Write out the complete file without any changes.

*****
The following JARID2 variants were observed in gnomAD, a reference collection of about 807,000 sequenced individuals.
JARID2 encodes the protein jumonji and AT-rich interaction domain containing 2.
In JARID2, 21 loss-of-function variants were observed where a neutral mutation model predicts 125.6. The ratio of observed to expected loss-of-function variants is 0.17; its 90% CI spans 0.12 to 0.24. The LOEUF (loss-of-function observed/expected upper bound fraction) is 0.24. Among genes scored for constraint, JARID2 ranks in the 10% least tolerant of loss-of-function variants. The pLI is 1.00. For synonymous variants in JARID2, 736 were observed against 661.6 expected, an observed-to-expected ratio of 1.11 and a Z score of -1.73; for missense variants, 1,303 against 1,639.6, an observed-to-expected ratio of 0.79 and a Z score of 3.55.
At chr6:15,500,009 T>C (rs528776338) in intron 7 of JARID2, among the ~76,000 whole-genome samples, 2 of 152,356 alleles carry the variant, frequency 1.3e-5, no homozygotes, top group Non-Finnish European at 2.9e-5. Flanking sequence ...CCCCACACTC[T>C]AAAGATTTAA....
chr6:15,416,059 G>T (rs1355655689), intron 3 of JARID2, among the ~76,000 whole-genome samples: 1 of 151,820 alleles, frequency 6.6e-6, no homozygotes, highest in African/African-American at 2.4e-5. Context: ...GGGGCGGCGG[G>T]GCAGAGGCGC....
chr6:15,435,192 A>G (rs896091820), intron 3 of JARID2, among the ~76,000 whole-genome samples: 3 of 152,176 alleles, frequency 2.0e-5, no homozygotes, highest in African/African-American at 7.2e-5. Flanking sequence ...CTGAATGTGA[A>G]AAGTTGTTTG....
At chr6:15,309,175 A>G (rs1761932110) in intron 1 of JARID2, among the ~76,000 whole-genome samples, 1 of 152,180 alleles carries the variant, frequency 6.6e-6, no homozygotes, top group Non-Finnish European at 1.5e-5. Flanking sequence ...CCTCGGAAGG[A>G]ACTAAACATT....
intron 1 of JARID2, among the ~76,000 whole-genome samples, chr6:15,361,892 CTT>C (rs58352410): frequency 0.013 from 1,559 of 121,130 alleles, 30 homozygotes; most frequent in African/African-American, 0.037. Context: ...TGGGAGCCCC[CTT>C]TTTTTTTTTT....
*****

The following JARID2 variants were observed in gnomAD, a reference collection of about 807,000 sequenced individuals.
JARID2 encodes the protein jumonji and AT-rich interaction domain containing 2.
In JARID2, 21 loss-of-function variants were observed where a neutral mutation model predicts 125.6. The ratio of observed to expected loss-of-function variants is 0.17; its 90% CI spans 0.12 to 0.24. The LOEUF (loss-of-function observed/expected upper bound fraction) is 0.24. Among genes scored for constraint, JARID2 ranks in the 10% least tolerant of loss-of-function variants. The pLI is 1.00. For synonymous variants in JARID2, 736 were observed against 661.6 expected, an observed-to-expected ratio of 1.11 and a Z score of -1.73; for missense variants, 1,303 against 1,639.6, an observed-to-expected ratio of 0.79 and a Z score of 3.55.
At chr6:15,500,009 T>C (rs528776338) in intron 7 of JARID2, among the ~76,000 whole-genome samples, 2 of 152,356 alleles carry the variant, frequency 1.3e-5, no homozygotes, top group Non-Finnish European at 2.9e-5. Flanking sequence ...CCCCACACTC[T>C]AAAGATTTAA....
chr6:15,416,059 G>T (rs1355655689), intron 3 of JARID2, among the ~76,000 whole-genome samples: 1 of 151,820 alleles, frequency 6.6e-6, no homozygotes, highest in African/African-American at 2.4e-5. Context: ...GGGGCGGCGG[G>T]GCAGAGGCGC....
chr6:15,435,192 A>G (rs896091820), intron 3 of JARID2, among the ~76,000 whole-genome samples: 3 of 152,176 alleles, frequency 2.0e-5, no homozygotes, highest in African/African-American at 7.2e-5. Flanking sequence ...CTGAATGTGA[A>G]AAGTTGTTTG....
At chr6:15,309,175 A>G (rs1761932110) in intron 1 of JARID2, among the ~76,000 whole-genome samples, 1 of 152,180 alleles carries the variant, frequency 6.6e-6, no homozygotes, top group Non-Finnish European at 1.5e-5. Flanking sequence ...CCTCGGAAGG[A>G]ACTAAACATT....
intron 1 of JARID2, among the ~76,000 whole-genome samples, chr6:15,361,892 CTT>C (rs58352410): frequency 0.013 from 1,559 of 121,130 alleles, 30 homozygotes; most frequent in African/African-American, 0.037. Context: ...TGGGAGCCCC[CTT>C]TTTTTTTTTT....